Skip to main content

Open Very Carefully: A Book With Bite by Nick Bromley, illustrated by Nicola O'Byrne

Open Very Carefully: A Book with Bite, written by Nick Bromley and illustrated by Nicola O'Byrne joins a fine tradition of picture books that subvert the (sometimes well known) story and engage the reader. I'm sure this kind of book can be traced back farther, but my memory starts with the 1971 Little Golden Book The Monster at the End of this Book by Jon Stone, illustrated by Mike Smollin. David Wiesner's wonderful 2001 Caldecot winner The Three Pigs also came to mind, as did Hervé Tullet's brilliant Press Here. I love these kinds of books, and what I love best about Open Very Carefully: A Book with Bite is that fact that it is perfect for the littlest listeners with just a touch of suspense, a lot of humor and some literal writing over of the story and the illustrations.

Open Very Carefully: A Book with Bite begins with an uninvited guest interrupting the story of The Ugly Duckling.
The intruder is a sneaky one, hiding from our narrator, the ugly little duckling who is really a cute little cygnet in a red knit cap.  

The beast even eats some of the letters from the story! But, our hero is a clever little bird and he has some ideas about how to get rid of the croc that include having readers rock the book from side to side, lulling the croc to sleep, drawing on the croc while he sleeps and shaking the book to see if it's possible to shake the croc right off the page!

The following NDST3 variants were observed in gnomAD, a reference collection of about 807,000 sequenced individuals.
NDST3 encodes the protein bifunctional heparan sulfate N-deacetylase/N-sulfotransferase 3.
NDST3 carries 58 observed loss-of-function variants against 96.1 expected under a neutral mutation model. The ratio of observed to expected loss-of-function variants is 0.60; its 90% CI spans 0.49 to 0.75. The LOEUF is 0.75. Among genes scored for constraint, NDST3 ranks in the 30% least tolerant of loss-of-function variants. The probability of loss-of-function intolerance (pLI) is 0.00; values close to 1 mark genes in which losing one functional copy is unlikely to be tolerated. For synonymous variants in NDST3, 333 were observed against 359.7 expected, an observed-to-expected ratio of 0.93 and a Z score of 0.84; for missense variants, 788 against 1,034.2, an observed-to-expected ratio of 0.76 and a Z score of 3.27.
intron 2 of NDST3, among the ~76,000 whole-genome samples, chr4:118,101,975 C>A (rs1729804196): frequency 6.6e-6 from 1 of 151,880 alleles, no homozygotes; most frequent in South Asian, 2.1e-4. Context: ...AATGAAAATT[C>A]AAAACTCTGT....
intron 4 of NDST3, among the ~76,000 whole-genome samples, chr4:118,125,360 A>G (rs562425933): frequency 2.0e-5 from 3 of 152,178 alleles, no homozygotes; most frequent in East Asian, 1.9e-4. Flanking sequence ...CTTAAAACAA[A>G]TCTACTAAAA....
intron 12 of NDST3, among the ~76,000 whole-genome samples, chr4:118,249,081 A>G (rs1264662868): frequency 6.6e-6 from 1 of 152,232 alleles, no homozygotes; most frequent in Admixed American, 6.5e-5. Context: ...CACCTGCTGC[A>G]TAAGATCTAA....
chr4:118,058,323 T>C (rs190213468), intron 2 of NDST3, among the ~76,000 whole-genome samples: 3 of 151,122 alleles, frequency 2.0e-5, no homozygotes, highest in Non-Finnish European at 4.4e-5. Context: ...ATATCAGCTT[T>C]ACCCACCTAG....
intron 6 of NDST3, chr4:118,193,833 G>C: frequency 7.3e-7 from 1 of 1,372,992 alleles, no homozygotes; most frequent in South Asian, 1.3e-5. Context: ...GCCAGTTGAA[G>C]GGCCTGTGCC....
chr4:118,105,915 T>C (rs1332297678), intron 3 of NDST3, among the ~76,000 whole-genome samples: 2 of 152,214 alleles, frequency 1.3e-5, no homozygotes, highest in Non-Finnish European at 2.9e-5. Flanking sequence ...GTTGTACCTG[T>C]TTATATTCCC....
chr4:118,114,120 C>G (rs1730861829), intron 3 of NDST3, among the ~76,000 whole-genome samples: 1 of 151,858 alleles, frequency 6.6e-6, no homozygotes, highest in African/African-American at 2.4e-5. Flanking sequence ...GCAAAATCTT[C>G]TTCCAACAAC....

I hate to give away the ending, but it is one of the coolest parts of this book. The croc begins to EAT his way out of the book leaving a hole on the final page of this book and a matching one on the back cover that leaves the red capped cygnet peeking out at the reader.

Open Very Carefully: A Book with Bite is a very fun book, the kind of book that, like The Monster at the End of this Book, will be remembered well into adulthood.

Source: Review Copy


Sounds like a really fun book! Will get a copy soon, no not for my kids but for me! Thank you for such a good review.
Tanya said…
You are welcome, and I agree - some kid's books are just too fun not to keep for yourself!
Jeremy said…
Another fun one in the genre: An Undone Fairy Tale by Ian Lendler.My mom still has my old copy of "The Monster at the End of This Book", and I still love it. It's a reminder that licensed titles don't have to be total crap if they use the personalities of the characters to tell a well crafted story. Not sure why they're so rare.
Tanya said…
Just checked out AN UNDONE FAIRY TALE and it looks so good!So true and very well put about licensed titles... Although, the Jim Henson connection might account for Grover being inimitable enough to inspire a memorable licensed title starring him!

Popular posts from this blog

Made by Dad: 67 Blueprints for Making Cool Stuff - Projects You Can Build For (and With) Kids! by Scott Bedford